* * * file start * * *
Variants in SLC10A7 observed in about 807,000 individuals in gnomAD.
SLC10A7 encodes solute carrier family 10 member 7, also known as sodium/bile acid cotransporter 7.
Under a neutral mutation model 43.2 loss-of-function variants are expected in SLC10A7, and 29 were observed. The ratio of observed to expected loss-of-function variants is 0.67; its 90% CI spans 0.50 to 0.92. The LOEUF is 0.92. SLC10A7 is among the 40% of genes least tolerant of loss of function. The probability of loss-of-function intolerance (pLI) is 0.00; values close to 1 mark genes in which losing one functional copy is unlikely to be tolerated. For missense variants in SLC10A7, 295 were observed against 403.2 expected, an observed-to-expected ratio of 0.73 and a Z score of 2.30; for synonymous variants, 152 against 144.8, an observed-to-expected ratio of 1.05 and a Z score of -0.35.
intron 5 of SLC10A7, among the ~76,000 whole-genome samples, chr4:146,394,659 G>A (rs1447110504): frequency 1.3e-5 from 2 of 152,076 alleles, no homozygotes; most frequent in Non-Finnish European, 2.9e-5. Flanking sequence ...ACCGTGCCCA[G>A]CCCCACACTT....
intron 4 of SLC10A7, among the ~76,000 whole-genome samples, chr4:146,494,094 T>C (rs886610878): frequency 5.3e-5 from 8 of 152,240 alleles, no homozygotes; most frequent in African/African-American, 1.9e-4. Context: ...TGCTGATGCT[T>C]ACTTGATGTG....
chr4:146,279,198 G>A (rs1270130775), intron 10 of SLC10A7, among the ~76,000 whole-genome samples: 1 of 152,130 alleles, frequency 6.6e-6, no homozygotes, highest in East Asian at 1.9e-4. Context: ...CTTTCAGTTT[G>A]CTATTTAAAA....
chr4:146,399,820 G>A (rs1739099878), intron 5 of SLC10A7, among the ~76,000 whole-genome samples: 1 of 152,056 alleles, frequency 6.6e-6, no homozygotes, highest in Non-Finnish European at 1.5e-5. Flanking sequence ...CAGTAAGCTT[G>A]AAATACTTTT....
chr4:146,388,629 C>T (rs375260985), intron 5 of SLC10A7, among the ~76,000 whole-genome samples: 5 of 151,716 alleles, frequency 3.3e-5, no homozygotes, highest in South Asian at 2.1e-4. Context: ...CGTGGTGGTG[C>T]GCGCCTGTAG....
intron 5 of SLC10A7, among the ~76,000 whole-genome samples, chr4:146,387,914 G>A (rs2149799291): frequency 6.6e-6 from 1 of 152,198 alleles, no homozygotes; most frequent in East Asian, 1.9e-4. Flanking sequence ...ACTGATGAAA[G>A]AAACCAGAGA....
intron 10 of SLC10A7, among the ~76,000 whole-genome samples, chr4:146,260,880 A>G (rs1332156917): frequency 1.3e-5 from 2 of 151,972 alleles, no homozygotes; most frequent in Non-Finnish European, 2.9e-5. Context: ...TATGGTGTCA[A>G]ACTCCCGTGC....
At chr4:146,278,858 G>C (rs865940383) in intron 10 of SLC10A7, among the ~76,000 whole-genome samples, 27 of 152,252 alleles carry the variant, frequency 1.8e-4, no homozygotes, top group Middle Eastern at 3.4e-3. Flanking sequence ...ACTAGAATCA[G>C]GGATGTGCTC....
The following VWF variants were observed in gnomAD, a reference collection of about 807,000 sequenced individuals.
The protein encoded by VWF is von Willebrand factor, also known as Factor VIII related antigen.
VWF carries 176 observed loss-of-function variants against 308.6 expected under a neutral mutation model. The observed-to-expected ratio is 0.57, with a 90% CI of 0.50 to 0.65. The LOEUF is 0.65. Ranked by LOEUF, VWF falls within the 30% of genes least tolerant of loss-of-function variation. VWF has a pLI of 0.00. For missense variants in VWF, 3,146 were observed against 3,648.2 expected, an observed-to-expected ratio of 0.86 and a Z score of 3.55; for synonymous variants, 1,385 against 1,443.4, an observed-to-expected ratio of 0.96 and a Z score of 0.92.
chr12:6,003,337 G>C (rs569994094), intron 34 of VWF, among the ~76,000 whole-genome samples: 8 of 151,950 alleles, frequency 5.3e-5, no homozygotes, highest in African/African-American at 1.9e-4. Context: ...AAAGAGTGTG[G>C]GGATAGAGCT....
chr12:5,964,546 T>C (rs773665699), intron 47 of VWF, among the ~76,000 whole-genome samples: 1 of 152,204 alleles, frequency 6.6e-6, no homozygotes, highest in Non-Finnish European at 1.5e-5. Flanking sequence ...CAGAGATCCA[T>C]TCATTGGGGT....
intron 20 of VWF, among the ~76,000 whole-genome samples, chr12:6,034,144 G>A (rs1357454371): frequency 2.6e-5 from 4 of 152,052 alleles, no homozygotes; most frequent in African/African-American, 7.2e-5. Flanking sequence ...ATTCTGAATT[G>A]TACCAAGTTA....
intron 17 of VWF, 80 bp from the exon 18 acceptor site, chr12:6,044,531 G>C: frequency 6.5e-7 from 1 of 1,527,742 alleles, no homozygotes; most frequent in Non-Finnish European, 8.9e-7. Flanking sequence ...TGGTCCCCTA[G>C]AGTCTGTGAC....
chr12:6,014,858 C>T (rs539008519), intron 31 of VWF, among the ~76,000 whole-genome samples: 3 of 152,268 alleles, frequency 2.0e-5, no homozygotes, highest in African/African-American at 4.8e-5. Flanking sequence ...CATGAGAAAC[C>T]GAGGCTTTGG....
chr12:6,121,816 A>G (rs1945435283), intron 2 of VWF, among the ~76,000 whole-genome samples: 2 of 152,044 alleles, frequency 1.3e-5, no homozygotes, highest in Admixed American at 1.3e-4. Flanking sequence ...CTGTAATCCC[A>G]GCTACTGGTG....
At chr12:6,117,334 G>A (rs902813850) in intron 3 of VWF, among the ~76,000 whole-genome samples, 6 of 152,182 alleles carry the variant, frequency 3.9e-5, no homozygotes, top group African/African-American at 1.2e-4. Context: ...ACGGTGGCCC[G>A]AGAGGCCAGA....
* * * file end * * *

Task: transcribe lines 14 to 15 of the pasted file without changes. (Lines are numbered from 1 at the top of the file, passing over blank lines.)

VWF carries 176 observed loss-of-function variants against 308.6 expected under a neutral mutation model. The observed-to-expected ratio is 0.57, with a 90% CI of 0.50 to 0.65. The LOEUF is 0.65. Ranked by LOEUF, VWF falls within the 30% of genes least tolerant of loss-of-function variation. VWF has a pLI of 0.00. For missense variants in VWF, 3,146 were observed against 3,648.2 expected, an observed-to-expected ratio of 0.86 and a Z score of 3.55; for synonymous variants, 1,385 against 1,443.4, an observed-to-expected ratio of 0.96 and a Z score of 0.92.
chr12:6,003,337 G>C (rs569994094), intron 34 of VWF, among the ~76,000 whole-genome samples: 8 of 151,950 alleles, frequency 5.3e-5, no homozygotes, highest in African/African-American at 1.9e-4. Context: ...AAAGAGTGTG[G>C]GGATAGAGCT....